North Carolina state government spent 3.9 percent more per person in the 2008 budget year than in 2000, Coletti said. “Per-person operations spending climbed an inflation-adjusted 8.8 percent during that same time period,” he said. “And from the time the budget bottomed out in 2003 to the 2008 budget year, per capita spending adjusted for inflation climbed 14.7 percent.”

Average state appropriations through the 1990s totaled an inflation-adjusted $1,848 per person, Coletti said. “Returning spending to that level would save the state $3 billion from the current $21.4 billion budget,” he said. “That’s more than this year’s projected shortfall.”

The spend-and-tax budget cycle has created other problems, Coletti said. “First, lawmakers have devoted too little money to North Carolina’s Savings Reserve Account, the rainy day fund,” he said. “Past experience and best practices from other states show the savings reserve should be at least 10 percent of the previous budget year’s General Fund spending. North Carolina’s reserve is less than 4 percent, and Gov. Mike Easley could take half of that reserve — or more — just to help the state government pay bills through June.”

Another problem involves hidden debt, Coletti said. “The General Assembly has violated in recent years the spirit of a constitutional provision requiring a balanced budget,” he said. “Lawmakers do this by borrowing money without voter approval. Legislators have approved $3.1 billion in new debt without a vote from taxpayers since 2003. This is equal to the size of the last bond package voters approved in 2001. Lawmakers have used this tactic as their preferred way of paying for new buildings and other capital projects this decade.”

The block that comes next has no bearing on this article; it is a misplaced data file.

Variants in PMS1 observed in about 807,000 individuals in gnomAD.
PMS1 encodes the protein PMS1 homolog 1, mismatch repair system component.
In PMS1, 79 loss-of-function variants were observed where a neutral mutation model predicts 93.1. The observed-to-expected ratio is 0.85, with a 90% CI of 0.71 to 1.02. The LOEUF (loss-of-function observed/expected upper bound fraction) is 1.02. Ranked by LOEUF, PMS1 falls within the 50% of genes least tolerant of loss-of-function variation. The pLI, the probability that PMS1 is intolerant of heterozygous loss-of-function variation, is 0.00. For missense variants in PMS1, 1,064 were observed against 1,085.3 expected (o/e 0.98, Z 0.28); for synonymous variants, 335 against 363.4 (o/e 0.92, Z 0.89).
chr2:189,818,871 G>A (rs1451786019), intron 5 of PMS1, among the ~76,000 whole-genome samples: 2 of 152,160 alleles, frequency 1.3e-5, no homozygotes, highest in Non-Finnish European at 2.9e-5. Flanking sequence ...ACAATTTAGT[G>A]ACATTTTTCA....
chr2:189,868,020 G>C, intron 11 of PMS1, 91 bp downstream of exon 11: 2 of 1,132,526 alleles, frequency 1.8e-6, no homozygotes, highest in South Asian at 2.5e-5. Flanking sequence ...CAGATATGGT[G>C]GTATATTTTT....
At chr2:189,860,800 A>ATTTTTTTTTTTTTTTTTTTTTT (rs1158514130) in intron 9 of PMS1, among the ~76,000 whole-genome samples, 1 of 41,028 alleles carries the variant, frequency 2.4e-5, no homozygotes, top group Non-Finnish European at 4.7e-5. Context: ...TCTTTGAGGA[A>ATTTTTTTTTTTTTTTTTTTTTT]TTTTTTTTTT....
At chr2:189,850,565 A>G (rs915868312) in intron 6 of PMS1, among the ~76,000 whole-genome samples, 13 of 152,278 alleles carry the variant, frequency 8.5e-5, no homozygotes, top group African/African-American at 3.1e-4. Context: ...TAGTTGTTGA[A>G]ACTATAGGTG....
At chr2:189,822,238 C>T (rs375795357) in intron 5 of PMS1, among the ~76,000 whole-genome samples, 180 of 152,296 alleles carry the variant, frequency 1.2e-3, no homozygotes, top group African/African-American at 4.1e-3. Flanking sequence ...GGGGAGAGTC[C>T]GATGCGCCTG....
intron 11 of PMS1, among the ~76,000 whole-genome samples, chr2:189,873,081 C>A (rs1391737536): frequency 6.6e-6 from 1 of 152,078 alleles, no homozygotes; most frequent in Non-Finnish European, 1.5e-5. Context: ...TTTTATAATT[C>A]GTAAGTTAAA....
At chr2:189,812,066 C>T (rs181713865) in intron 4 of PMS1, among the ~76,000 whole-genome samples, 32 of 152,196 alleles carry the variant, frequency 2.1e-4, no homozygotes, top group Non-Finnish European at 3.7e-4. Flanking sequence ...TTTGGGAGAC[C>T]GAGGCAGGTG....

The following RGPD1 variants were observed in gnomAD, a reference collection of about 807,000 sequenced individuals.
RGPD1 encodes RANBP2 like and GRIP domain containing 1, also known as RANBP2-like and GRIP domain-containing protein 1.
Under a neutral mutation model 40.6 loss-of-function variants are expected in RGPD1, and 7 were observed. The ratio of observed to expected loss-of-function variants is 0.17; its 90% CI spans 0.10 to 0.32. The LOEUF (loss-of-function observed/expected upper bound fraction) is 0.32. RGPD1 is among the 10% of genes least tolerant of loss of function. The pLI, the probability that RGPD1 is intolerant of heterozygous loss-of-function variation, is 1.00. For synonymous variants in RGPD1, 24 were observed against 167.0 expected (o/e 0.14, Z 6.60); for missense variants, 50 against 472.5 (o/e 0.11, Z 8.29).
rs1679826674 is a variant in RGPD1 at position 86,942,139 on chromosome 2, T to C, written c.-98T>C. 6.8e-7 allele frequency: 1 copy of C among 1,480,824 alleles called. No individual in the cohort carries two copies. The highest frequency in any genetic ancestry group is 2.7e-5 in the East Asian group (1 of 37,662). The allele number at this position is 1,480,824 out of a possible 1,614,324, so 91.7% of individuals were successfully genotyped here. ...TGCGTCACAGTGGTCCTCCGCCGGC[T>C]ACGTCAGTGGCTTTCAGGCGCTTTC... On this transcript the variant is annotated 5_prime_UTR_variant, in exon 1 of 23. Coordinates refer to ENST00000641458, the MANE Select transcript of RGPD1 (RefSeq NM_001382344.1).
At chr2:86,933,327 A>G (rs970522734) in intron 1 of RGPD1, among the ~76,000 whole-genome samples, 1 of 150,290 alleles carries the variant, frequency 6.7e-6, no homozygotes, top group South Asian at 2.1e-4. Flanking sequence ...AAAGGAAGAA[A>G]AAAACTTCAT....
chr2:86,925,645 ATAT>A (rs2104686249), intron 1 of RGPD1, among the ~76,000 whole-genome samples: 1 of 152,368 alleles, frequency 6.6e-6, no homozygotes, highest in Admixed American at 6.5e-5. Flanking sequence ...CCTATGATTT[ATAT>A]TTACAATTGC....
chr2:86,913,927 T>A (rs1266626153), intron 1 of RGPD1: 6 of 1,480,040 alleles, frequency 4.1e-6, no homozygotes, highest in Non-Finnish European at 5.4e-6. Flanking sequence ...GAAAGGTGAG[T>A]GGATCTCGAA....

Now is a good time for lawmakers to change their ways, Coletti said. “Lawmakers today should see clearly the negative impacts of their spend-and-tax cycle,” he said. “To avoid similar problems in the future, they should take steps to retire that roller-coaster ride and adopt a more sound approach to state budgets.”

Joseph Coletti’s Spotlight report, “Spending Beyond Government’s Means: Even politicians must face fiscal truths,” is available at the JLF Web site. For more information, please contact Coletti at (919) 828-3876 or [email protected]. To arrange an interview, contact Mitch Kokai at (919) 306-8736 or [email protected].

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About John Locke Foundation

We are North Carolina’s Most Trusted and Influential Source of Common Sense. The John Locke Foundation was created in 1990 as an independent, nonprofit think tank that would work “for truth, for freedom, and for the future of North Carolina.” The Foundation is named for John Locke (1632-1704), an English philosopher whose writings inspired Thomas Jefferson and the other Founders.

The John Locke Foundation is a 501(c)(3) research institute and is funded solely from voluntary contributions from individuals, corporations, and charitable foundations.